LET me tell you about my first playlist. In the days before decent car radios, my father piled the Breytenbachs into his Borgward and we set off for Margate from Alberton. It was as boring as hell.
But Neelsie had a plan. I had already bought my first LPs and knew them from front to back. I would sit in the car, play the music on the turntable in my head and sing the songs one by one. With my inner voice, of course.
LPs were rarely longer than 35 minutes of music. By the time we arrived in Margate, I had already listened to Rubber Soul, Help!, Beatles for Sale, Out of Our Heads, December’s Children, Aftermath, Summer Days (And Summer Nights!!), The Beach Boys Today! and All Summer Long. Beatles, Stones and Beach Boys.
That was my big groove.
Fast forward to 2005. John Sandford published the 16th Lucas Davenport novel, Broken Prey, and at the back he put a playlist that Davenport apparently listened during road trips in his Porsche.
My friend Zuitie (ex-Chippendale), whom I first met drinking in the Bar Beyond in Pringle Bay in 2006, called a few weeks ago to find out if I have the Davenport playlist for him. The playlist we argued about that memorable night in the Bar Beyond. He wants to drive his new Merc-AMG GLE 53 from Polokwane to Cape Town and he is looking for music.
So, thank Zuitie for this week's bumper edition of Vrye Weekblad playlists. After this you must never complain to me again that you don't have enough music in your life.
We start with the playlist from Broken Prey. Pure adrenaline, mostly, as it starts with ZZ Top's Sharp Dressed Man. I left out a few songs, just to annoy Zuitie:
Next is the best music of 2023. The British music magazines Uncut and Mojo compile their lists every year. I checked them on the basis of Metacritic's score lists and scaled them down a bit. There are some types of music you simply cannot listen to in a fast-moving car, and others where you know in advance that a fight is going to break out if there is more than one soul in the vehicle:
I realise not everyone has a taste for the blues, jazz and other interesting alternative genres. But there are people who share my enthusiasm and this “odds and sods” playlist is for you:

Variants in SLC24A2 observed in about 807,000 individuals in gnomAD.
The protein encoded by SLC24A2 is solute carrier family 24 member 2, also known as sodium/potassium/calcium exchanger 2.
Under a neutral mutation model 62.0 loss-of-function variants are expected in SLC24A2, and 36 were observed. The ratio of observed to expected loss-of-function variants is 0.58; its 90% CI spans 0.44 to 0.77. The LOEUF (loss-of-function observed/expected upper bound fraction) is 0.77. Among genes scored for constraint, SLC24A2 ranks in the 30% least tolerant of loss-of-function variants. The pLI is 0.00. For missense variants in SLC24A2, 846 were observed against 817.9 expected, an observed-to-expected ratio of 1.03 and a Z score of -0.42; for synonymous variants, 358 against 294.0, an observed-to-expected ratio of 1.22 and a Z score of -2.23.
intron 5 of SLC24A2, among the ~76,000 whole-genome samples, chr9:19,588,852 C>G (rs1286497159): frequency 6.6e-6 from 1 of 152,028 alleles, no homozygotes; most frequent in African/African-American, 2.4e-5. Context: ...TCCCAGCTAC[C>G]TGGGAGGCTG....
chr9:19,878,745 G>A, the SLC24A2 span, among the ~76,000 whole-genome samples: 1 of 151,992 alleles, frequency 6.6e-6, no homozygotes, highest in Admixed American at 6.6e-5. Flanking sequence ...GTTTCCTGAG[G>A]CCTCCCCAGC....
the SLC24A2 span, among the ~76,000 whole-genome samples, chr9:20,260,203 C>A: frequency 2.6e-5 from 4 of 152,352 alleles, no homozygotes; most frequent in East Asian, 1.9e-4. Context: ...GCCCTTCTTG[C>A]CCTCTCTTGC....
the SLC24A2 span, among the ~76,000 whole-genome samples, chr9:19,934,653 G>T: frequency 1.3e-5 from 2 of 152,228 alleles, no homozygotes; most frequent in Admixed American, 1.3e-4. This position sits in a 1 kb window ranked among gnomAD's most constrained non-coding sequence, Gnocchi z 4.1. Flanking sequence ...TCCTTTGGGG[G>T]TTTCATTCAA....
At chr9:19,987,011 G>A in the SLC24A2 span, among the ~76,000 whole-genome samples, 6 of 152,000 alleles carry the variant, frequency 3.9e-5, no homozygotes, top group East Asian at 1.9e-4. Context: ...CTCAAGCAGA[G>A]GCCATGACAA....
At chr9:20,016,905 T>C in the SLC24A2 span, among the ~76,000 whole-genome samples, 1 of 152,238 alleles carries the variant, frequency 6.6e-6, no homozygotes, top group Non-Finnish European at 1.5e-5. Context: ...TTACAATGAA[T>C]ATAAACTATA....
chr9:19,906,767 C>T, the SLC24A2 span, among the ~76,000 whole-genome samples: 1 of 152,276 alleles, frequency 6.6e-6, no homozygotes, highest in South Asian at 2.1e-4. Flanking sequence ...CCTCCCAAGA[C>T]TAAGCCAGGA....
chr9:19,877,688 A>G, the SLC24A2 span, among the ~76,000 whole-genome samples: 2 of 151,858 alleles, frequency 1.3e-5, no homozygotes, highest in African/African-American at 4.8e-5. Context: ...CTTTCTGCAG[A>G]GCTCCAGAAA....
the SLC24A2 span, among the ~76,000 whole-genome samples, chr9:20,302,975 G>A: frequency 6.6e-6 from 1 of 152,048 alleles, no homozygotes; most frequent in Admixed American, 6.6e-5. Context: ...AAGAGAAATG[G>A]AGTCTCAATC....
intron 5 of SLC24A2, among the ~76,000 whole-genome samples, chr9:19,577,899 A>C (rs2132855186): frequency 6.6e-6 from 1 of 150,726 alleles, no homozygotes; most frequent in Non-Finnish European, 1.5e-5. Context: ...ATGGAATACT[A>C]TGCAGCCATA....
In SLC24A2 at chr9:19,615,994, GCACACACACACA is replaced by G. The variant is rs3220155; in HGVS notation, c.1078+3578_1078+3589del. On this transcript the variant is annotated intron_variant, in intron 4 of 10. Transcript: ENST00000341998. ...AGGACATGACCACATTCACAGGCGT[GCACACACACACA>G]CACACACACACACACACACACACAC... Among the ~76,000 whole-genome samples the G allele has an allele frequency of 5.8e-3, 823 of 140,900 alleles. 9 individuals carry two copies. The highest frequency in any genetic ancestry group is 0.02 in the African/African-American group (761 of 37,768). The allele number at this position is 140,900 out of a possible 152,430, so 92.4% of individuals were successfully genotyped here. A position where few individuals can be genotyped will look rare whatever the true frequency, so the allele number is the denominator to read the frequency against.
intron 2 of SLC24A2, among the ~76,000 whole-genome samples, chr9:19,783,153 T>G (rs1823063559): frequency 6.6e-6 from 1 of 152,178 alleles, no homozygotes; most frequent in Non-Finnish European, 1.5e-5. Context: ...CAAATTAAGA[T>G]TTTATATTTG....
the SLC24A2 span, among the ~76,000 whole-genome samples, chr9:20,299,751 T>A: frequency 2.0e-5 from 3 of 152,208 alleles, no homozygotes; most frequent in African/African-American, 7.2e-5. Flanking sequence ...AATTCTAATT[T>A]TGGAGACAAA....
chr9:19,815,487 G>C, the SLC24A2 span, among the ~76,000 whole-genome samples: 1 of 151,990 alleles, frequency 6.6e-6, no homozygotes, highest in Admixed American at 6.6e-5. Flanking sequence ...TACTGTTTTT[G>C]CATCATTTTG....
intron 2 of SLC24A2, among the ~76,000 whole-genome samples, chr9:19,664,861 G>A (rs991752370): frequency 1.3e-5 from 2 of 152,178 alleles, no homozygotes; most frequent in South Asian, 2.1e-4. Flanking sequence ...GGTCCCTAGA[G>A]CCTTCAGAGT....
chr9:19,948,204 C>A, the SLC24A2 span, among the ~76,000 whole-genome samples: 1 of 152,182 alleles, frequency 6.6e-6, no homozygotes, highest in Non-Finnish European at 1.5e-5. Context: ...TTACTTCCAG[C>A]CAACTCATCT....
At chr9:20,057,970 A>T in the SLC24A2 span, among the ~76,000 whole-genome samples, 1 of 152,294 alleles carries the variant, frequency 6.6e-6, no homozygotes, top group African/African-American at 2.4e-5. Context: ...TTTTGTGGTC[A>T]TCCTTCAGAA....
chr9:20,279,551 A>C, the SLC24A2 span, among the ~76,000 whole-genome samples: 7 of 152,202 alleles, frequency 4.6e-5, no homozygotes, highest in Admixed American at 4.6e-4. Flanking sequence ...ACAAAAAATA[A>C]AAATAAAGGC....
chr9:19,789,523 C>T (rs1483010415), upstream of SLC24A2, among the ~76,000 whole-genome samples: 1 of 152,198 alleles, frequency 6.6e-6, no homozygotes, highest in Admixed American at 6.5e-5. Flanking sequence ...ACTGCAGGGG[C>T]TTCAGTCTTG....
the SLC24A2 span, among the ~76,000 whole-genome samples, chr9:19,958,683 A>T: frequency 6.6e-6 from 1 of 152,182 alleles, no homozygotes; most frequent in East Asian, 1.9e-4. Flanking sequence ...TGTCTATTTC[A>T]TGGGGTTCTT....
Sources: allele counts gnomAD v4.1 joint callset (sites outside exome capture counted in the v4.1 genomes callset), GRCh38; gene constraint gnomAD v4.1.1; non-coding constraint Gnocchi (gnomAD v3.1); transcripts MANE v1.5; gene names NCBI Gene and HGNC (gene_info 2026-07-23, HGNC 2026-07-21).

Surely I'm not the only person who's sick to death of Stairway to Heaven and similar musical treasures because I've heard them 80,000 times. But I'm obsessed with good new renditions. This is an attempt to assemble a large number of them. The covers of Beatles and Leonard Cohen songs were recommended to me by Pieter Swart, the South African who died earlier this year just before he could reach the peak of Everest. I honour his memory:
I would be neglecting my duty if I didn't also give you something that will make Christmas easier, musically speaking. Two playlists — one international, one Afrikaans. I am not including the more devotional songs from this genre. The playlists are mostly of a secular nature (because they were created purely to make money), and if I supplemented them with devotional songs I feel it would be disrespectful to the latter. Call me old-fashioned, I can take it:
There will also be those among you who not only want to listen to music in the car but also want to liven up the holiday braais. I'm not even going to try to think of dancing, but you will be able to. I'm just one of those people who think you shouldn't confuse a good braai with matters of the flesh. Here are five playlists, one for each of the decades between the 1950s and 1990s:
Now, music does peculiar things to different people. So, imagine the following: you and your loved ones are dodging all the potholes between Polokwane and Cape Town with your new wheels (they become fewer beyond Laingsburg) and suddenly the passengers start singing along. What can you do? You just participate. Blame the Red Bull, but you will sing:
You sit and watch TV or hear something on the radio. Grab your phone, quickly Shazam the song and add it to your playlist. The list is still growing, but here are the past three years' yields:
Then sometimes you arrive at a place where there is a hot tub on the stoep and you sit in the water up to your shoulders with a glass of MCC in your hand and stare out over the plains. You just want good music. You don't want to know anything about the rest of the world. Here is my personal choice:
Finally, a list I put together because I know someone is going to ask why there are so few Afrikaans songs on my lists. Here is an Afrikaans playlist. Lots of old music, lots of new music. From Chris Blignaut and the Briels to Bles Bridges and David Kramer:
May 2024 be blessed and full of pleasant surprises!
♦ VWB ♦
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